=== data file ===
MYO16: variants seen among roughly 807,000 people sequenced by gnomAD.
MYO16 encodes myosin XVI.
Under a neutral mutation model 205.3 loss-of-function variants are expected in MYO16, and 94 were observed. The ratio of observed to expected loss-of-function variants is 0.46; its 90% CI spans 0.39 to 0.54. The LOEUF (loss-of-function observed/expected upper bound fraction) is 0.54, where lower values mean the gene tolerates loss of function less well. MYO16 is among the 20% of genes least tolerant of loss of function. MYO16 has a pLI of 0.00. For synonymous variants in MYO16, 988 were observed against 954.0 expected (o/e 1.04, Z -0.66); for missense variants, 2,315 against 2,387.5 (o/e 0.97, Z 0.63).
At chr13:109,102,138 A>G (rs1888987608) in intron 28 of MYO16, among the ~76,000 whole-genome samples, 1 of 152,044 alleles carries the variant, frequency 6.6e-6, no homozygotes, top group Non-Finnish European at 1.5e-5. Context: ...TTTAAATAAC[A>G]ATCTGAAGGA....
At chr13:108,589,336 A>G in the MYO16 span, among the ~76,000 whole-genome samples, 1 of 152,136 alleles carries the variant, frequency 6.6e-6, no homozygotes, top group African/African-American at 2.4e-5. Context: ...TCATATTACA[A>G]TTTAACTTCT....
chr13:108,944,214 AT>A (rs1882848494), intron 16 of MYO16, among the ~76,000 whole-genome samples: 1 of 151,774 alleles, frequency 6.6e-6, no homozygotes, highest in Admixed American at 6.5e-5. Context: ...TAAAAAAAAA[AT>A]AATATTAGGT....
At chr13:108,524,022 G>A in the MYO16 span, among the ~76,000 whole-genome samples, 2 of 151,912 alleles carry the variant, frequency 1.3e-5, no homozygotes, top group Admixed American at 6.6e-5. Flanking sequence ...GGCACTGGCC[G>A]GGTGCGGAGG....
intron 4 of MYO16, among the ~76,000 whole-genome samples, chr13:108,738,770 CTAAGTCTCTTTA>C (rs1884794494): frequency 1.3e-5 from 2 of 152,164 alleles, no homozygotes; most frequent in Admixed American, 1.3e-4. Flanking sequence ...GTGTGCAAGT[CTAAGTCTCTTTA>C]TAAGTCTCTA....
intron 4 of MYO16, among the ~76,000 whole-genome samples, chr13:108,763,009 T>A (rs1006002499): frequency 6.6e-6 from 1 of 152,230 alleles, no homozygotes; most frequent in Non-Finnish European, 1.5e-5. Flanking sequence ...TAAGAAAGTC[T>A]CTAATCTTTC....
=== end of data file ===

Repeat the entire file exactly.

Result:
MYO16: variants seen among roughly 807,000 people sequenced by gnomAD.
MYO16 encodes myosin XVI.
Under a neutral mutation model 205.3 loss-of-function variants are expected in MYO16, and 94 were observed. The ratio of observed to expected loss-of-function variants is 0.46; its 90% CI spans 0.39 to 0.54. The LOEUF (loss-of-function observed/expected upper bound fraction) is 0.54, where lower values mean the gene tolerates loss of function less well. MYO16 is among the 20% of genes least tolerant of loss of function. MYO16 has a pLI of 0.00. For synonymous variants in MYO16, 988 were observed against 954.0 expected (o/e 1.04, Z -0.66); for missense variants, 2,315 against 2,387.5 (o/e 0.97, Z 0.63).
At chr13:109,102,138 A>G (rs1888987608) in intron 28 of MYO16, among the ~76,000 whole-genome samples, 1 of 152,044 alleles carries the variant, frequency 6.6e-6, no homozygotes, top group Non-Finnish European at 1.5e-5. Context: ...TTTAAATAAC[A>G]ATCTGAAGGA....
At chr13:108,589,336 A>G in the MYO16 span, among the ~76,000 whole-genome samples, 1 of 152,136 alleles carries the variant, frequency 6.6e-6, no homozygotes, top group African/African-American at 2.4e-5. Context: ...TCATATTACA[A>G]TTTAACTTCT....
chr13:108,944,214 AT>A (rs1882848494), intron 16 of MYO16, among the ~76,000 whole-genome samples: 1 of 151,774 alleles, frequency 6.6e-6, no homozygotes, highest in Admixed American at 6.5e-5. Context: ...TAAAAAAAAA[AT>A]AATATTAGGT....
At chr13:108,524,022 G>A in the MYO16 span, among the ~76,000 whole-genome samples, 2 of 151,912 alleles carry the variant, frequency 1.3e-5, no homozygotes, top group Admixed American at 6.6e-5. Flanking sequence ...GGCACTGGCC[G>A]GGTGCGGAGG....
intron 4 of MYO16, among the ~76,000 whole-genome samples, chr13:108,738,770 CTAAGTCTCTTTA>C (rs1884794494): frequency 1.3e-5 from 2 of 152,164 alleles, no homozygotes; most frequent in Admixed American, 1.3e-4. Flanking sequence ...GTGTGCAAGT[CTAAGTCTCTTTA>C]TAAGTCTCTA....
intron 4 of MYO16, among the ~76,000 whole-genome samples, chr13:108,763,009 T>A (rs1006002499): frequency 6.6e-6 from 1 of 152,230 alleles, no homozygotes; most frequent in Non-Finnish European, 1.5e-5. Flanking sequence ...TAAGAAAGTC[T>A]CTAATCTTTC....